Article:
The work-family interface continues to be an important research area as the positive (Carlson, Kacmar, Wayne, & Grzywacz, 2006; Greenhaus & Powell, 2006; Parasuraman & Greenhaus, 2002; Sieber, 1974) and negative (Duxbury, Lyons, & Higgins, 2011; Frone, Russell, & Barnes, 1996; Greenhaus & Parasuraman, 1999; Kahn, Wolfe, Quinn, Snoek, & Rosenthal, 1964; Mullen, Kelley, & Kelloway, 2011; Netemeyer, Boles, & McMurrian, 1996) consequences of successfully balancing work and family have implications for both individuals and organizations. Within sport management, most research has focused on issues surrounding the work-family interface of coaching mothers (Bruening & Dixon, 2007; Dixon & Bruening, 2005, 2007; Dixon & Sagas, 2007; Schenewark & Dixon, 2012; Palmer & Leberman, 2009). Recent research outside of sport management suggests that fathers also perceive tension between work and family (Galinsky, Aumann, & Bond, 2011; Harrington, Van Deusen, & Humberd, 2011; Parker & Wang, 2013). Therefore, this article examines the work-family interface of coaching fathers, with a focus on the further development of a research agenda.
Jeff Alexander Graham and Marlene A. Dixon
Sarah I. Leberman and Nicole M. LaVoi
Despite the ubiquitous presence of mothers in sport contexts, mothers’ voices are often absent in the sport literature, particularly at the youth sport level. A phenomenological approach was used to explore the experiences of working mother volunteer youth sport coaches. A role-triad model based on the work-family enrichment and role enhancement literature provided the theoretical framework. The purpose was to understand how and why working mother-coaches mange this role triad and to identify mother-worker skills which may transfer to youth coaching and vice versa. Semistructured interviews were conducted with eight working mother-coaches and analyzed for themes. Findings suggest that notions of being a good mother and reasons for coaching are very similar, including spending time together, developing life skills and role modeling. Participants negotiated multiple roles using cognitive tools, such as reframing and separation of roles. The reciprocal benefits of motherhood, working and coaching for themselves and others were highlighted.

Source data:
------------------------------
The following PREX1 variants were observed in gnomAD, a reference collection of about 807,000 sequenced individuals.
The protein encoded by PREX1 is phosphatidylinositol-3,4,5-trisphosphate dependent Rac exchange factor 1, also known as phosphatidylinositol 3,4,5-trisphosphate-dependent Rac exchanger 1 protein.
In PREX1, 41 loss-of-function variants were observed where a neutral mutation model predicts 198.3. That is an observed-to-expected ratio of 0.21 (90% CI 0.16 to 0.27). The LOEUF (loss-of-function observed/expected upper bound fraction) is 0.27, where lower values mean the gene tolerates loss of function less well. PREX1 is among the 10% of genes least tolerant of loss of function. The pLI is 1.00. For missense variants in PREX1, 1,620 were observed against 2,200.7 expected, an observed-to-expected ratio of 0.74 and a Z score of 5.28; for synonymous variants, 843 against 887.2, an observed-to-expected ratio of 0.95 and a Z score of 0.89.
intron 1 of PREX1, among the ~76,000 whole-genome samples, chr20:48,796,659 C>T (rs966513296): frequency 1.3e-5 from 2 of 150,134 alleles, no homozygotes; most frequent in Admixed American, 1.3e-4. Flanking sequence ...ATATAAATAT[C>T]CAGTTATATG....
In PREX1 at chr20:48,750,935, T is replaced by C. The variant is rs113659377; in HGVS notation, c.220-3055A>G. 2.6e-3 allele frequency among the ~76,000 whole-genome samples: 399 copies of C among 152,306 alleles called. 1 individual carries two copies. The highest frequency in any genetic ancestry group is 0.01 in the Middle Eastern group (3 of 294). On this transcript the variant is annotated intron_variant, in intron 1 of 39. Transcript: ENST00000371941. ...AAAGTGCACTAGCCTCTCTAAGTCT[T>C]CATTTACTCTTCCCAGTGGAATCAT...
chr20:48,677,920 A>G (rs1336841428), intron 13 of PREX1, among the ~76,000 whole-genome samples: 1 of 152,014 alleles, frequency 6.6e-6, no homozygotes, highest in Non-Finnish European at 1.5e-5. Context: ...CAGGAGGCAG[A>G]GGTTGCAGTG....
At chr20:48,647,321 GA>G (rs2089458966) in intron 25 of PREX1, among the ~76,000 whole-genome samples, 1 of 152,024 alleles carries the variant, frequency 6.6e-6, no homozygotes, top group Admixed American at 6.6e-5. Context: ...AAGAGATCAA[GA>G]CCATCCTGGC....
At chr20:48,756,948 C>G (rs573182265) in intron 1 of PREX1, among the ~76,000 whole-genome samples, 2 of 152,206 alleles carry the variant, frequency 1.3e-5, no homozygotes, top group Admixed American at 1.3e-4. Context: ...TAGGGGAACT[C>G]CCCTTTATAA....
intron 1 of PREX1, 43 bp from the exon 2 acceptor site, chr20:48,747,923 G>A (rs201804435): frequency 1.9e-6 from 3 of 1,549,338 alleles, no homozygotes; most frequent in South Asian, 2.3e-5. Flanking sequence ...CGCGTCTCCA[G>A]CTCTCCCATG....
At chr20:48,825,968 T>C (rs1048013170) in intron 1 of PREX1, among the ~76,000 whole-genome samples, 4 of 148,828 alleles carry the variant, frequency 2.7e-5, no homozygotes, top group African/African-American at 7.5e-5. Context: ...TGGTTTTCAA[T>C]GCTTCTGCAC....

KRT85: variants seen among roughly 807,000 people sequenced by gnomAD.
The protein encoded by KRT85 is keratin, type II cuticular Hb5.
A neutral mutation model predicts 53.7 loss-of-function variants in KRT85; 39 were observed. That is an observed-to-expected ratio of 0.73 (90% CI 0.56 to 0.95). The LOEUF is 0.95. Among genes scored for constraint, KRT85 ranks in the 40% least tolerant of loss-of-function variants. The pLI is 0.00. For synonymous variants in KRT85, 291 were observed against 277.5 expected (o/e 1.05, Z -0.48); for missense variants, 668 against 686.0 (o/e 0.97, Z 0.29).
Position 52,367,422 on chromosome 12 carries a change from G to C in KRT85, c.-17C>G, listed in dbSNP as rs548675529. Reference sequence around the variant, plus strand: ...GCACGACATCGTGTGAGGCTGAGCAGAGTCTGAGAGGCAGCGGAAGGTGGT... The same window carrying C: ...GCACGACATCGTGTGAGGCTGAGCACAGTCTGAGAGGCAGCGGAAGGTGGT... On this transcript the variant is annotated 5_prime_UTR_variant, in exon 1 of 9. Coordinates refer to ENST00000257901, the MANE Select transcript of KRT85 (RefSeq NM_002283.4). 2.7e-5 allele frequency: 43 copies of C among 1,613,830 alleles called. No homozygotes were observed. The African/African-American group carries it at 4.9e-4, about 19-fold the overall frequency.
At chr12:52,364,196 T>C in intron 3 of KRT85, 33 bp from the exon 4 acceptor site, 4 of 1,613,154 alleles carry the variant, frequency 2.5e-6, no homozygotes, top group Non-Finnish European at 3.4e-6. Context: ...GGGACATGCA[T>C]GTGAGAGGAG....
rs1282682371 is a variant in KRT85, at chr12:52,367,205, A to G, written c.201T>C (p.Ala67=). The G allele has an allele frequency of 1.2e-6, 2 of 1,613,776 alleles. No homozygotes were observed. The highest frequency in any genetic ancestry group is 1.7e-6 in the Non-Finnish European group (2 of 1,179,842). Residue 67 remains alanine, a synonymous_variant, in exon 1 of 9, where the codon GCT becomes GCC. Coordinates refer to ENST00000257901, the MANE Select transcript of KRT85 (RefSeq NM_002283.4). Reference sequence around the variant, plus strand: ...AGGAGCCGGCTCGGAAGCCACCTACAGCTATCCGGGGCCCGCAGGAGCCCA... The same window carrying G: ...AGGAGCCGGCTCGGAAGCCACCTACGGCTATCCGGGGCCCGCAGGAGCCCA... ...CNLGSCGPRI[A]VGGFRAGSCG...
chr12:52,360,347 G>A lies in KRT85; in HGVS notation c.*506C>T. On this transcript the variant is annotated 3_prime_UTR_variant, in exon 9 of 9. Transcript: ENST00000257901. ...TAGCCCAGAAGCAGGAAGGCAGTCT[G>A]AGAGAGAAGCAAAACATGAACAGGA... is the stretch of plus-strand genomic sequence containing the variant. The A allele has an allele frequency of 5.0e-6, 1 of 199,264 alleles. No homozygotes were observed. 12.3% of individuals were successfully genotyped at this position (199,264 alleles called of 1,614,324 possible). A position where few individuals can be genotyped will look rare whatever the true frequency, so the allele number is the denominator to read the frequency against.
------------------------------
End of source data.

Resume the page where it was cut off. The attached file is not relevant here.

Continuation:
Jeffrey A. Graham and Marlene A. Dixon
). Scholars have called for a more balanced research agenda in regard to the sport industry in which the phenomena of work–family conflict (WFC) and work–family enrichment (WFE) are examined among men who are fathers ( Dixon & Bruening, 2007 ; Graham & Dixon, 2014 ; Schenewark & Dixon, 2012 ). This study
Jeffrey Graham, Allison Smith and Sylvia Trendafilova
Management, 9, 250 – 272 . Carlson , D.S. , Kacmar , K.M. , Wayne , J.H. , & Grzywacz , J.G. ( 2006 ). Measuring the positive side of the work-family interface: Development and validation of a work-family enrichment scale . Journal of Vocational Behavior, 68 ( 1 ), 131 – 164 . doi: 10.1016/j
K. Andrew R. Richards, Nicholas Washburn and Ye Hoon Lee
Michigan . Carlson , D. , Kacmar , K.M. , Zivnuska , S. , & Ferguson , M. ( 2011 ). Work-family enrichment and job performance: A constructive replication of affective events theory . Journal of Occupational Health Psychology, 16, 297 – 312 . PubMed ID: 21728437 doi:10.1037/a0022880 10.1037/a
Elizabeth A. Taylor, Jessica L. Siegele, Allison B. Smith and Robin Hardin
. ( 2004 ). Research methods for sports studies . London, UK : Routledge . Greenhaus , J.H. , & Powell , G.N. ( 2006 ). When work and family are allies: A theory of work-family enrichment . Academy of Management Review, 31 , 72 – 92 . doi:10.5465/AMR.2006.19379625 10.5465/amr.2006